India Insight

Four of every 10 Asians living with HIV are Indian – U.N. report

India has the third-highest number of people living with HIV in the world, with 2.1 million Indians accounting for four of every 10 people infected in Asia, the United Nations said in a report on Wednesday.

The epidemic has killed about 39 million of the 78 million people it has affected worldwide since it began in the 1980s, the U.N. AIDS programme said, adding that the number of people infected with HIV was stabilising around 35 million.

Here are some facts and figures on India from the report:People walk near a red ribbon sand sculpture created by Indian sand artist Patnaik on the eve of World AIDS Day in Odisha

India accounted for 51 percent of AIDS-related deaths in Asia in 2013 and 8 percent of deaths worldwide.

At the end of 2013, more than 700,000 people in India were on antiretroviral therapy, the second-largest number of people on the treatment in any country. However, 64 percent of those affected do not have access to antiretroviral treatment.

In India, the number of new HIV infections declined by 19 percent between 2005 and 2013, yet it accounted for 38 percent of all new HIV infections in Asia. The country recorded a 38 percent decline in AIDS-related deaths in the same period.

LoC killings: Is a third-party probe the way ahead?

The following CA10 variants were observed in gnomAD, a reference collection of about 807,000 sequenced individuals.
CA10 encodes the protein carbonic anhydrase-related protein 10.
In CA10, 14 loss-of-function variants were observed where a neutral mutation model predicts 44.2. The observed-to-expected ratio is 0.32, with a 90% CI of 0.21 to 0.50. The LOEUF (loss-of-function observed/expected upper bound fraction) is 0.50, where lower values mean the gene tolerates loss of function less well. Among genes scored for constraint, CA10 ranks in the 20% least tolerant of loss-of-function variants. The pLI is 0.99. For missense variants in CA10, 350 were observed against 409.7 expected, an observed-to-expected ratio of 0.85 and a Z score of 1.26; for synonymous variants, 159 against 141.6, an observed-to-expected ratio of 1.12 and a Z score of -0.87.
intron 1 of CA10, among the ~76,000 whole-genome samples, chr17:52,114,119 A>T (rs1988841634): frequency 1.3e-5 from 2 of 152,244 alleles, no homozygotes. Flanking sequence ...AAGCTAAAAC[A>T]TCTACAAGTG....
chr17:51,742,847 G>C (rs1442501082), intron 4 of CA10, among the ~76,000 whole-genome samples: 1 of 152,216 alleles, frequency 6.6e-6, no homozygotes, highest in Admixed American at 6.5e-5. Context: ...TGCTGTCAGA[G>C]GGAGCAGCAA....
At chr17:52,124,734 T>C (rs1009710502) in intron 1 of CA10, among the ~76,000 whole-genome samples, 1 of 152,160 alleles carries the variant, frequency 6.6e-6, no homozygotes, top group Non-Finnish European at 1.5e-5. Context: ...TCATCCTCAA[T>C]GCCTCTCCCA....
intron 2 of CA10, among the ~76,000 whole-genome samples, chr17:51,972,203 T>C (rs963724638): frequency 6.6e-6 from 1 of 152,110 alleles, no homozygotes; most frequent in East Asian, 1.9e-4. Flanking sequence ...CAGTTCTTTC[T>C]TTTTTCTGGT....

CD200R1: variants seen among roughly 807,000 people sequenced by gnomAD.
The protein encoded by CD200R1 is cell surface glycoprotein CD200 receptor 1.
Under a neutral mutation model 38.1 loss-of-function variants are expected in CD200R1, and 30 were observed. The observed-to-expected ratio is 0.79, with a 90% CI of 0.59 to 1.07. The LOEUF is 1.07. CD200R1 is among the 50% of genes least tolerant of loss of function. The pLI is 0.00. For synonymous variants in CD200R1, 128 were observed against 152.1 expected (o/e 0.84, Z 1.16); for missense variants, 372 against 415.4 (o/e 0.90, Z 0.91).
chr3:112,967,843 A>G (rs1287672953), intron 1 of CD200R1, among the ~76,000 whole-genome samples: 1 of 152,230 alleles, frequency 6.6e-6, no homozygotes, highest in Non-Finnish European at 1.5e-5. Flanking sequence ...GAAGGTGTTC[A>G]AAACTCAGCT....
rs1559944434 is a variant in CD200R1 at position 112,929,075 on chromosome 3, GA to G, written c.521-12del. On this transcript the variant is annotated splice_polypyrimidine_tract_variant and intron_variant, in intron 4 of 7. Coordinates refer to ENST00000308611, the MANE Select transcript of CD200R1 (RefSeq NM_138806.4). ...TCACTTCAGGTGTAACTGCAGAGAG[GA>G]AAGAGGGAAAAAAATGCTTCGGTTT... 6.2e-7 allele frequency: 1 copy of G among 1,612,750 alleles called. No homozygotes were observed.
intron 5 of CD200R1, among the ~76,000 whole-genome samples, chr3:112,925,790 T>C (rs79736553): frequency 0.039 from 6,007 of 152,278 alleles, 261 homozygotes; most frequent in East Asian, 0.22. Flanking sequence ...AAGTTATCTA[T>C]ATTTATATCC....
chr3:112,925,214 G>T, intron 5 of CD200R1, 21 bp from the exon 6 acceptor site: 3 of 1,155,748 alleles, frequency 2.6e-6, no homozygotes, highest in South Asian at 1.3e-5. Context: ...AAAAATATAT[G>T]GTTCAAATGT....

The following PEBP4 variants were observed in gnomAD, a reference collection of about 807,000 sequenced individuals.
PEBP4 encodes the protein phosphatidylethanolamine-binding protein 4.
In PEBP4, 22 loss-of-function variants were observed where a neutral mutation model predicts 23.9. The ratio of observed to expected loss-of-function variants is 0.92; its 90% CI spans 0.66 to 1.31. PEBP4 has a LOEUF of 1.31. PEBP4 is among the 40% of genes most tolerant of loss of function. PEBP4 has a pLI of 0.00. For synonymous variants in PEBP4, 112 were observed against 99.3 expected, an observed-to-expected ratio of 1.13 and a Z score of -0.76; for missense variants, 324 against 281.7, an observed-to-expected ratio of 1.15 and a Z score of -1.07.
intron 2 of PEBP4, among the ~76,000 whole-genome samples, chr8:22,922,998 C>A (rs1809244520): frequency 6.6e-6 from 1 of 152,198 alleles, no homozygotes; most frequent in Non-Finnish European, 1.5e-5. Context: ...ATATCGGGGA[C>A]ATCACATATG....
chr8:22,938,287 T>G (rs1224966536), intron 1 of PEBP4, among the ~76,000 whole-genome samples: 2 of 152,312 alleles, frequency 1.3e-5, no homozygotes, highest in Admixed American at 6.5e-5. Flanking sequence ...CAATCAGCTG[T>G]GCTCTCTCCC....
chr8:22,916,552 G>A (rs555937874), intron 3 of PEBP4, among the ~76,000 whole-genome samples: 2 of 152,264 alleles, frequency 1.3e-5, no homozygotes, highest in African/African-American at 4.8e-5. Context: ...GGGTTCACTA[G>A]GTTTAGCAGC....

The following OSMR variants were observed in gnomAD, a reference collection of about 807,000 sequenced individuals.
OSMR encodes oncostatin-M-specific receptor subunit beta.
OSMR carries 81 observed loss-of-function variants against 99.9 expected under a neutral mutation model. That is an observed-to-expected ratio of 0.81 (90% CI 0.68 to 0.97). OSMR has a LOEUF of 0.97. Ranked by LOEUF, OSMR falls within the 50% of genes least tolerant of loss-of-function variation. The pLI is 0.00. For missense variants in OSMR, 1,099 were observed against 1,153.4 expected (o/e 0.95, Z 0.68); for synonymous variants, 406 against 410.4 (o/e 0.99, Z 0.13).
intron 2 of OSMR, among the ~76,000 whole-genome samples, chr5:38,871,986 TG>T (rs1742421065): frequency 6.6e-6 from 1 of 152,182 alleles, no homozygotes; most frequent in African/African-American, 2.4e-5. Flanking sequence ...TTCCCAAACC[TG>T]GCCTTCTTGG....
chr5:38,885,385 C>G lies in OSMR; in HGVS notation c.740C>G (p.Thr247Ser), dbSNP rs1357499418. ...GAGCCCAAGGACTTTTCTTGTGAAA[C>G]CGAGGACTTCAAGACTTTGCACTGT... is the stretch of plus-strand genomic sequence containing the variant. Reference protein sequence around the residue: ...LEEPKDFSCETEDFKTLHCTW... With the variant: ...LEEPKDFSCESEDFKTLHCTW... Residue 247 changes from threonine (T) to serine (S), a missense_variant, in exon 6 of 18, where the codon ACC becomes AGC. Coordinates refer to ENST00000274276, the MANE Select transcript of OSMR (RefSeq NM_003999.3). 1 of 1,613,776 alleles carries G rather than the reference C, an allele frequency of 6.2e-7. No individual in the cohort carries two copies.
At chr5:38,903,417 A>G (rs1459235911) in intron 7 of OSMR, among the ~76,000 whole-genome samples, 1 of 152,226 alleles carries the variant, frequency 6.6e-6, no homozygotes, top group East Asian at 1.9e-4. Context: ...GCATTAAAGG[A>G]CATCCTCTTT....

(Any opinions expressed here are those of the author, and not necessarily of Thomson Reuters)

The death toll on the Line of Control in Kashmir is four since Jan. 6: two from India’s military, two from Pakistan’s. One thing is sure: neither side started it, judging by what you hear from both countries’ armed forces and from media reports.

The killings threaten to muffle talk of a thaw in relations, something that would have been welcome after the 2008 Mumbai terror attacks and years of fighting and death in Kashmir before a 2003 ceasefire.

Is India really the world’s fifth most powerful country?

India is the world’s fifth most powerful country, according to a New Delhi-authored national security document, the Times of India reported on Wednesday, as Indian analysts placed the emerging nation above major European powers.

Outranking traditional global powers such as the UK, France and Germany, India’s ballooning population, defense capabilities and economic clout were cited as reasons for its position behind only the U.S., China, Japan and Russia in India’s National Security Annual Review 2010, which will be officially released by the country’s foreign ministry next week.

Its statistical foundations in terms of population numbers and GDP aside — in terms of purchasing power parity, it should be noted — India’s experience of wielding power on the global stage of late, boosted by its temporary seat on the United Nations Security Council, has been less encouraging.

With Libya, is India confused or just too clever by half?

India abstained last week from a U.N. vote on the no-fly zone in Libya that also authorised military action, but since then it has been more vocal in its rejection of airstrikes, joining China and Russia in criticising the coalition of Western powers and the Arab league and its actions against the Libyan government.